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What Size Garden Will Feed 20 People?

Q.  Given a southern Indiana location, how many square feet of garden would I need to feed ten adults and nine children?


A.  The answer depends on what you want to feed them, whether you expect to feed them during the growing season, or during the entire year, and on what things your people like to eat.  Also, will there be supplementation from other sources? I will give examples of what can be grown in 30'-long soil-beds.


A good database of commonly grown vegetables, with when, where, and how they can be grown, as well as how much they will produce, is contained on the Garden Wizard and Garden Master CD's.  These are wonderful resources for the serious family gardener, and can be found at www.growfood.com under Software.


I recommend growing high-value everbearing crops, such as tomatoes, peppers, eggplant, cucumbers, pole beans, zucchini, etc., to maximize your yield in minimum space for the least cost and effort.


A 1/2-acre garden will hold 125 30'-long soil-beds.


Using vertical growing with the Mittleider Method, 12 beds of indeterminate tomatoes should produce 5,000-10,000# of tomatoes from July through October.


Four beds of sweet peppers should produce 1,000-2,000 peppers.


Four beds of eggplant - grown vertically - should produce 1,000-2,000 eggplant.


Four beds of cucumber - vertically - should produce 1,500-3,000 cucumbers.


Six beds of pole beans should produce 800-1,600# of beans.


Four beds of zucchini should produce 1,000-2,000# of zucchini.


So far we've only used 1/4 of the garden, and you have more than enough of those vegetables to feed the family during the growing season.  Doubling the space of these 6 crops could provide income to buy other food staples, and/or provide sufficient to dry or bottle food for the winter months.


Growing easily stored food, such as potatoes, cabbage, beets, onions, and carrots  can provide the family fresh food during the winter.  Care must be taken to provide proper cold storage, and these can be usable for 6 months.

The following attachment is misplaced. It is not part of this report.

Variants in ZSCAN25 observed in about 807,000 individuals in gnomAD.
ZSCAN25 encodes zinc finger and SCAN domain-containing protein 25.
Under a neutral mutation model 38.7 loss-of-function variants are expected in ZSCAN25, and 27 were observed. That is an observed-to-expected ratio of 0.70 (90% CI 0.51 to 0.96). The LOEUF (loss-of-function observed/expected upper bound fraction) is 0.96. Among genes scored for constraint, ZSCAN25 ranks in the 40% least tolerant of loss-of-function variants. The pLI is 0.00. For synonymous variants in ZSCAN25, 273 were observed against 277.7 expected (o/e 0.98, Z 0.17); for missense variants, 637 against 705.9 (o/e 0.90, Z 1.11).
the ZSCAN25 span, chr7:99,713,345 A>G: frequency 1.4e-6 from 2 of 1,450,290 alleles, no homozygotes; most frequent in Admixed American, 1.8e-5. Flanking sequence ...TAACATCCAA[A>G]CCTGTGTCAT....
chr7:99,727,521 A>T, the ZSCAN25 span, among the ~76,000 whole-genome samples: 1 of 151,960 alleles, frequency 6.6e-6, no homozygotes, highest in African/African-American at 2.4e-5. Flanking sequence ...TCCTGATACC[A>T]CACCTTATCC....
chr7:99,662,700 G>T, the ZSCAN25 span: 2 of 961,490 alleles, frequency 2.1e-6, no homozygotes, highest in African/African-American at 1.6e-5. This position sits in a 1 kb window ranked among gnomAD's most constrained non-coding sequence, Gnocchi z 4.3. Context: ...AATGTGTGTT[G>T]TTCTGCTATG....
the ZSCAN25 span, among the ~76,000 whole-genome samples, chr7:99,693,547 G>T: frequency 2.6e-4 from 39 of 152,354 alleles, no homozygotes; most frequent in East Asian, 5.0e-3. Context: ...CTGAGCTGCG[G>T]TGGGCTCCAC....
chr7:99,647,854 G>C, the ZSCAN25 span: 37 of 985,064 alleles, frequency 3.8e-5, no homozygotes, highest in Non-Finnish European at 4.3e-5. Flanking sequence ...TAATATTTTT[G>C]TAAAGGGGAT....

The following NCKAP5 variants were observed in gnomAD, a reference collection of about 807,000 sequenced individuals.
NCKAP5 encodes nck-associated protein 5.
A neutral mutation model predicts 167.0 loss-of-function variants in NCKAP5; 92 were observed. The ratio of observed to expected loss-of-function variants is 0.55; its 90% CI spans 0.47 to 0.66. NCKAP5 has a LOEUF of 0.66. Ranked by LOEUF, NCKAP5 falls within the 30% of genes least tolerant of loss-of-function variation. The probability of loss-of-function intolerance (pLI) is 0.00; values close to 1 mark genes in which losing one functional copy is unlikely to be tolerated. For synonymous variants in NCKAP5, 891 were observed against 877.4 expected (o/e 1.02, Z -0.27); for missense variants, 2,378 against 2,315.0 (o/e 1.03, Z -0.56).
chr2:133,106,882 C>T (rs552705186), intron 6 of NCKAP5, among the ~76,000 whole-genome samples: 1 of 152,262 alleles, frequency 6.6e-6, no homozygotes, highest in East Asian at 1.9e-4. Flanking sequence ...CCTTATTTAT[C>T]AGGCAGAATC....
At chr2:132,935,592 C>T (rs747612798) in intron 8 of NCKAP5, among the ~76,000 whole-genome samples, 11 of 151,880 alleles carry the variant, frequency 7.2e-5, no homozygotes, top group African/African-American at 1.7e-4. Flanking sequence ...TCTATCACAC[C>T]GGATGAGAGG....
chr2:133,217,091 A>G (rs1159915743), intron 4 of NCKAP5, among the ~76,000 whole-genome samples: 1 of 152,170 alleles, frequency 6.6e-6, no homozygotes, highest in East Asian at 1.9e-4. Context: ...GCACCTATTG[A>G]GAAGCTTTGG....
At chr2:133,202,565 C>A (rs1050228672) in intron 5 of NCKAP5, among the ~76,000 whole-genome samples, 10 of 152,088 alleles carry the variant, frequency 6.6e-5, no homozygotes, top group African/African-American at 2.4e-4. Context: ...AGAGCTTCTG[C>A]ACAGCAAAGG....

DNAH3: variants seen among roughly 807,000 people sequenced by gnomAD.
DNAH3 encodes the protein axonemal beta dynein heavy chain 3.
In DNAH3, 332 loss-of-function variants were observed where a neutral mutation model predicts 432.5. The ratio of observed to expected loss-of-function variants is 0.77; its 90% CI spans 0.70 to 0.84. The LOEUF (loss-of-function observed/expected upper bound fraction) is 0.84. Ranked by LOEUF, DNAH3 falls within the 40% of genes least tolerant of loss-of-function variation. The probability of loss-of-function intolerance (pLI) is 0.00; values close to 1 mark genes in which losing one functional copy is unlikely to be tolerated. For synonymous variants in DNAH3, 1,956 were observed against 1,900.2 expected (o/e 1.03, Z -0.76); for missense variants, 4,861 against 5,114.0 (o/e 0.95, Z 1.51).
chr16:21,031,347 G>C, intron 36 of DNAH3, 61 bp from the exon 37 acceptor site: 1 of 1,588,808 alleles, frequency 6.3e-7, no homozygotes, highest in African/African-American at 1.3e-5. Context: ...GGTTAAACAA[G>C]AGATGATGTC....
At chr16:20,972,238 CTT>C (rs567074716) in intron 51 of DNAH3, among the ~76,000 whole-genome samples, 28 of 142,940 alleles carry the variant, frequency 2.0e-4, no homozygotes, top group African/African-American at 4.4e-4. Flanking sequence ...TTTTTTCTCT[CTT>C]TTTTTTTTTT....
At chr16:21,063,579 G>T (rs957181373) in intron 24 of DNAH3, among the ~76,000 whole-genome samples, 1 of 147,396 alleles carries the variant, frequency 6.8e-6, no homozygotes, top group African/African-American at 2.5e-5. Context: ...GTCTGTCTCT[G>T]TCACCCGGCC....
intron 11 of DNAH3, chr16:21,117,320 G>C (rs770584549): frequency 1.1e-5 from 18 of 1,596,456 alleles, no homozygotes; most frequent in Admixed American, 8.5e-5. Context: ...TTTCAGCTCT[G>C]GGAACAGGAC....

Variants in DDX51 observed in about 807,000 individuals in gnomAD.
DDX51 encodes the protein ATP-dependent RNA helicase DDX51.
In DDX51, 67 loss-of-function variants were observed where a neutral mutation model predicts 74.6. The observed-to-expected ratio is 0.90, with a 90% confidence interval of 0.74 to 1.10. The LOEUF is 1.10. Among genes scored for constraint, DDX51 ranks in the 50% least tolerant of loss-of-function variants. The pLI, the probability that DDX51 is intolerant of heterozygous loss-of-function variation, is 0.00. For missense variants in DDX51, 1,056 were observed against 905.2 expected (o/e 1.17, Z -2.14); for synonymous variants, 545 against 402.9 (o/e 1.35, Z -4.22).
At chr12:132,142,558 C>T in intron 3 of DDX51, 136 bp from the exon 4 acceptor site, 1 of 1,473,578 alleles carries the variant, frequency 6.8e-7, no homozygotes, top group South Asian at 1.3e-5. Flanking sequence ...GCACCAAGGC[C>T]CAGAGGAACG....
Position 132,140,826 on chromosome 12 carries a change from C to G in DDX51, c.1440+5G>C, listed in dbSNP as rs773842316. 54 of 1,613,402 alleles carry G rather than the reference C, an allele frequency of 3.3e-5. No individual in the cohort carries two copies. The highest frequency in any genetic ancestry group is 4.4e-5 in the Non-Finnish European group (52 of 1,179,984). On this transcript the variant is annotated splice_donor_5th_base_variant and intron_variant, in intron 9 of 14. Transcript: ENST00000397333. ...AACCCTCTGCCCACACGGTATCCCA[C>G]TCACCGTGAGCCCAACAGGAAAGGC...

Four beds of carrots should produce 400-800# of carrots


Four beds of cabbage should produce 500-800# of cabbage.


Two beds of beets should produce 200-400# of beets.


Four beds of onions should produce 400-800# of onions.


Ten beds of potatoes should produce 1,000-2,000# of potatoes.


The carrots, cabbage and beet crops can often be doubled by growing an early and late crop in the same space, which these more valuable for the serious grower.


Crops like corn, large squash, and watermelon should only be grown if you have ample EXTRA space, because they take much space for the yield they produce.  For example one bed of corn should produce about 90-100 ears of corn - all within about 2 weeks, whereas a bed of tomatoes should produce 400-800 POUNDS of tomatoes spaced over 4 months.


An important planning exercise will be for your family to decide what they want to eat, then calculate the amounts of each vegetable needed, and grow at least that much in your garden.


You should also give serious consideration to how you can dispose of your excess produce profitably.  Production and consumption rarely coincide.


The Mittleider Gardening books and Manuals teach all you need to know about this subject, and can be purchased in the Store section, or as digital downloads. 


A digital copy costs 30-40% less, and is available instantly!  I HIGHLY recommend you look here http://www.hightechhomestead.com/Products.htm for the best gardening books available anywhere!  Get one NOW and be gardening TODAY!!